||Toward a Smarter and More Just U.S. Immigration Policy: What Mexican Migrants Can Tell Us - 2009 Cafferty Lecture||The 2009 Cafferty Lecture will be presented by Professor Wayne A. Cornelius from the University of California, San Diego, on Thursday, October 1, beginning at 5:00 p.m. at the University of Chicago's downtown Gleacher Center. He will present "Toward a Smarter and More Just U.S. Immigration Policy: What Mexican Migrants Can Tell Us."The Pastora San Juan Cafferty Lecture on Race and Ethnicity in American Life was established in 2005 on the occasion of the retirement of Professor Pastora San Juan Cafferty from The University of Chicago School of Social Service Administration. The Lecture is a forum for prominent social theorists, business executives, community leaders, philanthropists, and politicians to convene and discuss the issues critical to a well-functioning and secure society.||10/7/09||Free||View In iTunes|
||The New Media Landscape: Is Journalism Dying and Where is the Information Culture Headed?||A journalist for more than 20 years, Tom Rosenstiel designedand directs the Project for Excellence in Journalism. He alsoserves as vice chairman of the Committee of ConcernedJournalists, an initiative engaged in conducting a nationalconversation among journalists about standards and values.A former media critic for the Los Angeles Times and chiefcongressional correspondent for Newsweek magazine, he alsois the editor and principal author of PEJ's Annual Report on theState of the News Media, a comprehensive report on the healthof American journalism. Rosenstiel is co-author of the CCJ'sTraveling Curriculum, an ongoing education program that hastrained more than 6,000 journalists in print, TV, and onlinenewsrooms. His books include The Elements of Journalism:What Newspeople Should Know and the Public Should Expect,with Bill Kovach. He is a frequent commentator on radio andtelevision and in print.||7/31/09||Free||View In iTunes|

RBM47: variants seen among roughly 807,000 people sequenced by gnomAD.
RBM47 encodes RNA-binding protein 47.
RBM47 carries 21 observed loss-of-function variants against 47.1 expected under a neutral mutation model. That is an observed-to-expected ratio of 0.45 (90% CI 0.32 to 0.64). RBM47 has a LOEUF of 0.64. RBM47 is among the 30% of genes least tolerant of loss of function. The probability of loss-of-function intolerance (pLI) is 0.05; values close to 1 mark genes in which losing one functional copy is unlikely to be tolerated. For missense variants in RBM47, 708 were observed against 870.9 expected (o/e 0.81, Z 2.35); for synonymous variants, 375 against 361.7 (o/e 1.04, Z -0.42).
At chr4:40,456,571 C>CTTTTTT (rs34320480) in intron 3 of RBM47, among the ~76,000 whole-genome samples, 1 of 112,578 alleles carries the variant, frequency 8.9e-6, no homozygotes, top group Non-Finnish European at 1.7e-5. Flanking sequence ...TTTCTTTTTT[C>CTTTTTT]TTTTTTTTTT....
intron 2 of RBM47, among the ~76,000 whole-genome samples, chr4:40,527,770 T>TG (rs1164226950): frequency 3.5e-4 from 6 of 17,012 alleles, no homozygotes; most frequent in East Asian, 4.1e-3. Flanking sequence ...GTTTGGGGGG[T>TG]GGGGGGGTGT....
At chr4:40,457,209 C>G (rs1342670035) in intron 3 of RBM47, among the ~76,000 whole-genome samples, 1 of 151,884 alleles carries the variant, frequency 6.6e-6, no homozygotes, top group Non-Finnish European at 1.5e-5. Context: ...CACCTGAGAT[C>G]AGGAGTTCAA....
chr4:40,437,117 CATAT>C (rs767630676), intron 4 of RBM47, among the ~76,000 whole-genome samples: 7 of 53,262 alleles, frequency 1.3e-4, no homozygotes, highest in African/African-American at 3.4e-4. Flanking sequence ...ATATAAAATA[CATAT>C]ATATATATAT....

||Gobero: An Interdisciplinary Discovery||Paul Sereno, Professor in Organismal Biology & Anatomy, discusses an unexpected discovery he made while searching for dinosaur fossils in the Sahara desert in 2000. Sereno and his team uncovered a massive graveyard containing over 200 burials. By combining techniques from paleontology and archeology, the team was able to preserve a site that might otherwise have been lost.||7/31/09||Free||View In iTunes|
||The Greatest Speech of the Century: FDR's Second Bill of Rights||Law professor Cass R. Sunstein talks about his book on Franklin Delano Roosevelt and brings back from obscurity an important speech: FDR's State of the Union Address of 1944, in which he articulates the idea that human beings have inherent economic and social rights. Copyright 2004 The University of Chicago.||7/31/09||Free||View In iTunes|
||Myths of Self-Masquerade||University of Chicago Divinity School Professor Wendy Doniger explores the cultural fascination with pretending to be another version of oneself, a popular theme in film, theater, and literature. Copyright 2005 The University of Chicago.||7/31/09||Free||View In iTunes|